SSM Health leads the training to reduce the rate of women dying in child birth

SSM Health in St. Louis is leading the charge to reduce the rate of women dying in child birth.  At the family birthplace at SSM Health St. Clare Hospital, the Perinatal Simulation program trains physicians, nurses and medical teams on real-life situations that can happen during child birth.  They train for emergencies with interactive mannequins.  The mannequins can simulate dangerous situations that can occur during childbirth.

The perinatal simulation program is used to train all physicians, nurses and medical staff across all SSM Health hospitals to ensure all teams are prepared should an emergency happen during child birth.

Dr. Guy Venezia, medical director of obstetrics says, "We create an environment where physicians and nurses are put in, they are immersed in real clinical emergencies.  And then we get to watch them interact in real-life situations and then help them to improve their immediate care to emergencies that happen."

Obstetrics is a high-risk specialty in which emergencies are, to some extent, inevitable. Training staff to manage these emergencies is a fundamental principle of risk management.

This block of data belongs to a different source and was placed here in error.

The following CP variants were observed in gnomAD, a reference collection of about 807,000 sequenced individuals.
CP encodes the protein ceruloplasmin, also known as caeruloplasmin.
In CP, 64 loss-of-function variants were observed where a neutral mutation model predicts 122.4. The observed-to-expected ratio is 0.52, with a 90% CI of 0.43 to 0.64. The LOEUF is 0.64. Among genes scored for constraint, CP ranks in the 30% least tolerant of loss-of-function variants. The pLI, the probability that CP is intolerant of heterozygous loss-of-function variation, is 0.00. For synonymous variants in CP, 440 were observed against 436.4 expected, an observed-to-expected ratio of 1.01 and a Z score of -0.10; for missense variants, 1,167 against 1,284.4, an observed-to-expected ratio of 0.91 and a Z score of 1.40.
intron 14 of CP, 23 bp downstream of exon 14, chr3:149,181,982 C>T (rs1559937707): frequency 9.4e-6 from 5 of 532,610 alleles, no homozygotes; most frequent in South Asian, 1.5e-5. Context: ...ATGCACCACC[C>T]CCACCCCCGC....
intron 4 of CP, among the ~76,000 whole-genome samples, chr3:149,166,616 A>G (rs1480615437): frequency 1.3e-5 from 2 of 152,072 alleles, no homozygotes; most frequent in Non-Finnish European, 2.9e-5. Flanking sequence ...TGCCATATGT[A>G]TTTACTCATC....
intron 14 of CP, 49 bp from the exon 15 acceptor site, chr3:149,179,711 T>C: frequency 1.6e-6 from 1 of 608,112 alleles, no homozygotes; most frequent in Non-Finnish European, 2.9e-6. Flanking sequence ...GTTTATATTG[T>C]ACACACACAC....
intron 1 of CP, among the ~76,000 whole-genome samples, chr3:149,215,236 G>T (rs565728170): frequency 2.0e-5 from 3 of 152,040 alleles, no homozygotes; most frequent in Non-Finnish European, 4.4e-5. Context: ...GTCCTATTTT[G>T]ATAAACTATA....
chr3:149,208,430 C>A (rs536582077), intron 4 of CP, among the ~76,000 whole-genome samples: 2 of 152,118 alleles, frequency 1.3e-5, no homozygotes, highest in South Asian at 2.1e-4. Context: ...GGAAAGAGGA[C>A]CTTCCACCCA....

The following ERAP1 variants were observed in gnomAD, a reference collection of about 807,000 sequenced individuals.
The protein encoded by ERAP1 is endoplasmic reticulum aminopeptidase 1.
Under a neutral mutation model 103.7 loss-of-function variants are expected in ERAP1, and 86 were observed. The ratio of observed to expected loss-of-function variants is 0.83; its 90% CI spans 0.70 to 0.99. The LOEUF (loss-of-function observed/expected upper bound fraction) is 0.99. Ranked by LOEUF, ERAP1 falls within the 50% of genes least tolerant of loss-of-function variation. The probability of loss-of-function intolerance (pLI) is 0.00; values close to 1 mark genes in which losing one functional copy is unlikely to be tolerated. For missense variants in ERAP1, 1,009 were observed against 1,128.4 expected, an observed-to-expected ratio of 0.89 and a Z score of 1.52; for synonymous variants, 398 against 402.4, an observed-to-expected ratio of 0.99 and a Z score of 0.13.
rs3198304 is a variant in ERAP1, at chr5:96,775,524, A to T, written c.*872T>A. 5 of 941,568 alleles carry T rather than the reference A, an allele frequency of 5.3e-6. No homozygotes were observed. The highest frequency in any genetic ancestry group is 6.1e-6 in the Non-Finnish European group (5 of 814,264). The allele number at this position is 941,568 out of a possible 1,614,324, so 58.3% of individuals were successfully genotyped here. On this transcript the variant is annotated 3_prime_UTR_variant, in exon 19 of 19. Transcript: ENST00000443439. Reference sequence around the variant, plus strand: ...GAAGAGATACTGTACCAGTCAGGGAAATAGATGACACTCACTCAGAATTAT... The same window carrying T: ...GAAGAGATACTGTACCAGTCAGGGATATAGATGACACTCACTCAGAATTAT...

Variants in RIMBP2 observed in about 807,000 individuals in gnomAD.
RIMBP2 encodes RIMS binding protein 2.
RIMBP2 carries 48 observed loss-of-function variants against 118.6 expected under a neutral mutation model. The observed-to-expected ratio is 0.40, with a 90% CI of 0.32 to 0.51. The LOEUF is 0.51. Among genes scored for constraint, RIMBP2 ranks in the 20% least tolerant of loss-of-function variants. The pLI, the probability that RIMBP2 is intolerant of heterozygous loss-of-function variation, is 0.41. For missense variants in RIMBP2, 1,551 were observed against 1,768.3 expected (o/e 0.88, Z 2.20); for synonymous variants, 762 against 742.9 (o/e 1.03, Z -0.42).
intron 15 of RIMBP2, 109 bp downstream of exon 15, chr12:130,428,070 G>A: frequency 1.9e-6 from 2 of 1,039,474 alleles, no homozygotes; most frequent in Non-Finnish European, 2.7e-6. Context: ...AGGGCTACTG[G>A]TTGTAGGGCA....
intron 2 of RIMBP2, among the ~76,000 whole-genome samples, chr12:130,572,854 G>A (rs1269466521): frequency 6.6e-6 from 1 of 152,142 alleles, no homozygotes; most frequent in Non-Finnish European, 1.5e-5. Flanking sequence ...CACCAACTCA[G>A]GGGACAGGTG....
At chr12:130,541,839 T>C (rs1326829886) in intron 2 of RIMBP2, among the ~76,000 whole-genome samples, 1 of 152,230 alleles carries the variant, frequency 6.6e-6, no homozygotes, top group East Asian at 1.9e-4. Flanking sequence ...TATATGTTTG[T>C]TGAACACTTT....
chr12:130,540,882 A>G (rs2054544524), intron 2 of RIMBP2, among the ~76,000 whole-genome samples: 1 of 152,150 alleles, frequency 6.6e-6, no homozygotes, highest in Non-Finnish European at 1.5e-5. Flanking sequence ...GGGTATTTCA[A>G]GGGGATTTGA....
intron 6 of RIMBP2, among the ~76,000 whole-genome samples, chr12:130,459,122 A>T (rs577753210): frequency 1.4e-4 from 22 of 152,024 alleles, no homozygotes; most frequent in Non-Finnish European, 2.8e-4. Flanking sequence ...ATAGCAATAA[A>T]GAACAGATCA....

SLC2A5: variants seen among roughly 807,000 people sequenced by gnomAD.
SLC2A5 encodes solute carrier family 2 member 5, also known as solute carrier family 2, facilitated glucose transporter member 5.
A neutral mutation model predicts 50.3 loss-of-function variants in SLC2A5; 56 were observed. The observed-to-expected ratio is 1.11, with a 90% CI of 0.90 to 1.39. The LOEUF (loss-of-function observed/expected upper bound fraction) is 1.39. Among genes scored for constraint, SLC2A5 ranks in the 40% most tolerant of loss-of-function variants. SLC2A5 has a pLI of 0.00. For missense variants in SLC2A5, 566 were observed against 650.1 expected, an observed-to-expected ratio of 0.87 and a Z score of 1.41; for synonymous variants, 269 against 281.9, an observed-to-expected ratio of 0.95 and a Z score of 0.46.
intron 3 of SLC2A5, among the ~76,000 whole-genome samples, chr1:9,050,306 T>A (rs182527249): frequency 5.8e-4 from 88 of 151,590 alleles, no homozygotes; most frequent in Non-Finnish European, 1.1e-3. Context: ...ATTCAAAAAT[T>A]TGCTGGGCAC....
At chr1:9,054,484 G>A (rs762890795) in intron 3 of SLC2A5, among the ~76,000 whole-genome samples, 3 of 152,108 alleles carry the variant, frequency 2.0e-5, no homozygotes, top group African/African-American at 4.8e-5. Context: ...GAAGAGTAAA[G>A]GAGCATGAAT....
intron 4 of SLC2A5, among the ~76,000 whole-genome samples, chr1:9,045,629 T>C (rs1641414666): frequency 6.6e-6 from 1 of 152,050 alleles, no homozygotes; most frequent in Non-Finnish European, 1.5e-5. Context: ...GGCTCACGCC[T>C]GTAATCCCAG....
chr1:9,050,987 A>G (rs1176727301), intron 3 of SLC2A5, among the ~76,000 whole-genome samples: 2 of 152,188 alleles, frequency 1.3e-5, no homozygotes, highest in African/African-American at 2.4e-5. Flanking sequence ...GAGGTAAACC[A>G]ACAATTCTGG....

Traditional risk management strategies based on incident reporting and event analysis are reactive and not always effective. Simulation-based training is an appropriate proactive approach to reducing the errors and risks inherent in obstetrics. Teamwork and communication will also improve while simultaneously giving the students a multiplicity of transferable skills to advance their personal performance.

The CDC says 60% of maternal deaths are preventable.  SSM Health believes the answer is practice, practice, practice.

"When you come in to have a baby and there's an emergency, how great is it to know that the physicians and doctors and nurses and medical technicians have practiced all those emergencies."

For more information on maternity care at SSM Health, click here.